The above provisions in the original Constitution requires that a Representative or a Senator be a citizen, however that citizenship is acquired, (with additional age and residency requirements).  However, the Constitution requires a President to meet a stronger condition. It requires, in addition to being a citizen, that the candidate be "natural born" (or, if not that, be a citizen from the moment the Constitution was ratified - establishing the "birth" of the United States.)   In other words, a citizen from the very beginning of his life or the country itself, both of which require the connection to the soil at the time of the birth of the country or, after that, of the birth of the candidate - jus soli.  Representatives and Senators may be naturalized by birth or by naturalization, but a President must be born in the country or have been a citizen when the country was born.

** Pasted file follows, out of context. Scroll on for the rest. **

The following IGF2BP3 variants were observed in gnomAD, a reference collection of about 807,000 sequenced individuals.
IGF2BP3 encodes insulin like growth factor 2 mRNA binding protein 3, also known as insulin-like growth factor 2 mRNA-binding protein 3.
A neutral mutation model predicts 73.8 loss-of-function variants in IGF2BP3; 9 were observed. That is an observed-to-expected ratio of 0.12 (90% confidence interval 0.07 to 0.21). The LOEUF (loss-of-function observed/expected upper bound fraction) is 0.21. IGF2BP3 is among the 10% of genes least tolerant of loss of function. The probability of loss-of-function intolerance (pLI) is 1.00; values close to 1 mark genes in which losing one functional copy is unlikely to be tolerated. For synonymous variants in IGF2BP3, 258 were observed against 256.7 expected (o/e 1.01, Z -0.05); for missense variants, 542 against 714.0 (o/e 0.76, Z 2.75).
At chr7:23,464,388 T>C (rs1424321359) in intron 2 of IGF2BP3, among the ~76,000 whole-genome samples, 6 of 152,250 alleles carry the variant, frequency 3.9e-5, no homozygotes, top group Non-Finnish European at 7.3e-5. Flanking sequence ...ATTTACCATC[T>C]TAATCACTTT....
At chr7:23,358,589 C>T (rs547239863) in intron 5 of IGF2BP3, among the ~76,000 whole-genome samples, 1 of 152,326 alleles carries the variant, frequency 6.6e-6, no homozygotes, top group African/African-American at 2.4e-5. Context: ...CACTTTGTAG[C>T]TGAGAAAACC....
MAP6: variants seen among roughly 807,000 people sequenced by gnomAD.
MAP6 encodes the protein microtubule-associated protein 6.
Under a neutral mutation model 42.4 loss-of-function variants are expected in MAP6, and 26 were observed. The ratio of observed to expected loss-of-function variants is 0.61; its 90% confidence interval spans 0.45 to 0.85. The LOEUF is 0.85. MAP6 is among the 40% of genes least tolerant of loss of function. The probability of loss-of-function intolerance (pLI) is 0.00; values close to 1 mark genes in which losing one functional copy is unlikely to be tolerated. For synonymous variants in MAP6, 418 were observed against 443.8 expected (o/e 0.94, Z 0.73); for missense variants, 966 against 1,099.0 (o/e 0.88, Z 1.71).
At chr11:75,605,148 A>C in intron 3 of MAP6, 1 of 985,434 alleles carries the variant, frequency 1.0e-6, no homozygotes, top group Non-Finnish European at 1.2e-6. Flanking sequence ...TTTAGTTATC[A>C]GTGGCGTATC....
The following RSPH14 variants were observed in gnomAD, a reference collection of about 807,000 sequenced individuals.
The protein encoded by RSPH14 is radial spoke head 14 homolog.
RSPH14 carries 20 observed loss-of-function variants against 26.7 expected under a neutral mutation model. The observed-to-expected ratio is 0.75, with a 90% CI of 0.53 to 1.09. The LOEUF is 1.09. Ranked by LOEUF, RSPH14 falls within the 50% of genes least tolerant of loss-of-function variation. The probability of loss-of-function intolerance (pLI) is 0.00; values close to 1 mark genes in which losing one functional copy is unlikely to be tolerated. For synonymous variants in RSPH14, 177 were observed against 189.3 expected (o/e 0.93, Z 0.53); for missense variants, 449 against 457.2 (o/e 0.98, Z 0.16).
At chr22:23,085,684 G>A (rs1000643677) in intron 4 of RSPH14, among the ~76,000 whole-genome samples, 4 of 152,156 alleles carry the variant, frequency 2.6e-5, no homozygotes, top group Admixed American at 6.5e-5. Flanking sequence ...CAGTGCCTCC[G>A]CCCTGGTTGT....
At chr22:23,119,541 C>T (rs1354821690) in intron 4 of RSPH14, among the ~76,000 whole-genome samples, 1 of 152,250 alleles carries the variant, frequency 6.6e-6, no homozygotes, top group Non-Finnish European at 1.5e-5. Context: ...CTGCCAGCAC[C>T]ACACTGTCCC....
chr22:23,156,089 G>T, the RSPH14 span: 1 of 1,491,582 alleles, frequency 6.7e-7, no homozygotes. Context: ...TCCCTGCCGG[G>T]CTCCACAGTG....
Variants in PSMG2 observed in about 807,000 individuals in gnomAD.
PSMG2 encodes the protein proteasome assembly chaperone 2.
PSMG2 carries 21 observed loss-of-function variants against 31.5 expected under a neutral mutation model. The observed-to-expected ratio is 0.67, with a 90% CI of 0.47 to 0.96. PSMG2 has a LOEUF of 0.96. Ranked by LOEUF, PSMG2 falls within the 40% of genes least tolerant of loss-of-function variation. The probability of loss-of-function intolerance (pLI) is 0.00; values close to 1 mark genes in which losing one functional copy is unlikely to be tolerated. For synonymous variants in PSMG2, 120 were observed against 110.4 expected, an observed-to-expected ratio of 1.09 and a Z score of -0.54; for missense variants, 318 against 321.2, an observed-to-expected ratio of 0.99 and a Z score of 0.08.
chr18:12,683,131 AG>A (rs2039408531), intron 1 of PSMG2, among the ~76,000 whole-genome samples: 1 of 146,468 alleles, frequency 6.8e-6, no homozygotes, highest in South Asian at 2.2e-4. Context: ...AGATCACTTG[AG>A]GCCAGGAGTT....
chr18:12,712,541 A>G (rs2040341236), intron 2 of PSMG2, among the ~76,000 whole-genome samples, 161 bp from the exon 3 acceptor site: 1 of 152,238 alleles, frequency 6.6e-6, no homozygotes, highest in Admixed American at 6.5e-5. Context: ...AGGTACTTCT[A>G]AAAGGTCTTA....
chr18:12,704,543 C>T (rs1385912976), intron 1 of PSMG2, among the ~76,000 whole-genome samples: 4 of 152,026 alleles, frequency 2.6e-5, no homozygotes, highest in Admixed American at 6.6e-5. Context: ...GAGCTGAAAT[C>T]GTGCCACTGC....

At the creation of the country with the Ratification of the Constitution, it was not possible for a candidate for the Presidency to have been born a citizen of the country, so an exception to "natural born" (born on the soil of the country) was needed.  If that was not the intent of the founding fathers, then there would have been no need for the "natural born" qualifier, as the exception wording would not be needed.  The requirement to be President would have merely needed to have been be a citizen for a time, presumably longer than that of a Senator.  Such was not the case. The founding fathers explicitly required that the President be Natural Born - not 7 years, not 9 years, not 12 years, not 15 years, but their entire life from birth.  Had we a king, the phrase would have been "natural born subject", but, in the absence of royalty, becoming a federal democracy required changing the word 'subject' to 'citizen'.